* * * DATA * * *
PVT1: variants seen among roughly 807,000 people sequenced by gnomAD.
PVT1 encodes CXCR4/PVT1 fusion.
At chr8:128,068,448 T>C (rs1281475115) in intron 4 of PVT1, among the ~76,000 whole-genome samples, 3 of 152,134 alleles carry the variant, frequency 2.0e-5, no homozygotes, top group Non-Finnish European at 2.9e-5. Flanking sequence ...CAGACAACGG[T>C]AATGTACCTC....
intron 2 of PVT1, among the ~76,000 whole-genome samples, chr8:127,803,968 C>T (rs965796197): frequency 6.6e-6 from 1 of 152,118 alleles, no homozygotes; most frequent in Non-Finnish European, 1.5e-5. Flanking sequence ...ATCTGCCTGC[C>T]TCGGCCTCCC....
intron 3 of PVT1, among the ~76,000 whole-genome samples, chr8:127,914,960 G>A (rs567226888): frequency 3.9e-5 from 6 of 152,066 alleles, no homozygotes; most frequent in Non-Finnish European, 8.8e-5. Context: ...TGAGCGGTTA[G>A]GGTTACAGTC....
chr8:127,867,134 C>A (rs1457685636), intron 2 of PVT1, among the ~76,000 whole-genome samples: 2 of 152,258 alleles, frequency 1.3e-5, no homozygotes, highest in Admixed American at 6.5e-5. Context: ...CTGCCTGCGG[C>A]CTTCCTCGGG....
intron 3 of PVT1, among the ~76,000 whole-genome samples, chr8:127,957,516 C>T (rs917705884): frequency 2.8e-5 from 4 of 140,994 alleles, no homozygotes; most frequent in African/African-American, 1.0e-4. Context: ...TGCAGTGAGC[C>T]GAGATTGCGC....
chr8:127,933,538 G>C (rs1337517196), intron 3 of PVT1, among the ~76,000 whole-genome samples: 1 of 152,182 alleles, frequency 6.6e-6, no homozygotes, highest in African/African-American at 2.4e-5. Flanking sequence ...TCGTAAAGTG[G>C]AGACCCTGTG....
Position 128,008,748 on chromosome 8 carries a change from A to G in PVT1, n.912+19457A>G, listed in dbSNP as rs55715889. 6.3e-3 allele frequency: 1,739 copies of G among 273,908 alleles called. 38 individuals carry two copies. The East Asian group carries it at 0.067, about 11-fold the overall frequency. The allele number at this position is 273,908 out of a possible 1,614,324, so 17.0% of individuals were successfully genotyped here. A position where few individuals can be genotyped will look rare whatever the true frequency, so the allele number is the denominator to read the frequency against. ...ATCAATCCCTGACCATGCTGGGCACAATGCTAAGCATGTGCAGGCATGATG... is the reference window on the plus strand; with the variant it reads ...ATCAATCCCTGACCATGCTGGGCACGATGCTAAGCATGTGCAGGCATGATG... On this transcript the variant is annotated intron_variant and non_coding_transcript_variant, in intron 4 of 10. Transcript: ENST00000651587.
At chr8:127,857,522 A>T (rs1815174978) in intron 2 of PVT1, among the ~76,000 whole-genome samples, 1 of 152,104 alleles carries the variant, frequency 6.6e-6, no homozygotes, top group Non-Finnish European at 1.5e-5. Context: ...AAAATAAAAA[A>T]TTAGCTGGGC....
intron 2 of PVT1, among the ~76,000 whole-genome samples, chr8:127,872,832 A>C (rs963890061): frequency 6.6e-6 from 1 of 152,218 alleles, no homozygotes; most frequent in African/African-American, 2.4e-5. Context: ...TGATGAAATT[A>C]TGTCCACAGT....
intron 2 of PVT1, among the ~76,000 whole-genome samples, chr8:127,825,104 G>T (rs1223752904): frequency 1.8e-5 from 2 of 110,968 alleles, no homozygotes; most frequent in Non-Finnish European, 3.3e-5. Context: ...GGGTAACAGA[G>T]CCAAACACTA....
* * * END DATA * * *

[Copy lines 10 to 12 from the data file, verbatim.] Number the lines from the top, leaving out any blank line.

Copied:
At chr8:127,857,522 A>T (rs1815174978) in intron 2 of PVT1, among the ~76,000 whole-genome samples, 1 of 152,104 alleles carries the variant, frequency 6.6e-6, no homozygotes, top group Non-Finnish European at 1.5e-5. Context: ...AAAATAAAAA[A>T]TTAGCTGGGC....
intron 2 of PVT1, among the ~76,000 whole-genome samples, chr8:127,872,832 A>C (rs963890061): frequency 6.6e-6 from 1 of 152,218 alleles, no homozygotes; most frequent in African/African-American, 2.4e-5. Context: ...TGATGAAATT[A>C]TGTCCACAGT....
intron 2 of PVT1, among the ~76,000 whole-genome samples, chr8:127,825,104 G>T (rs1223752904): frequency 1.8e-5 from 2 of 110,968 alleles, no homozygotes; most frequent in Non-Finnish European, 3.3e-5. Context: ...GGGTAACAGA[G>T]CCAAACACTA....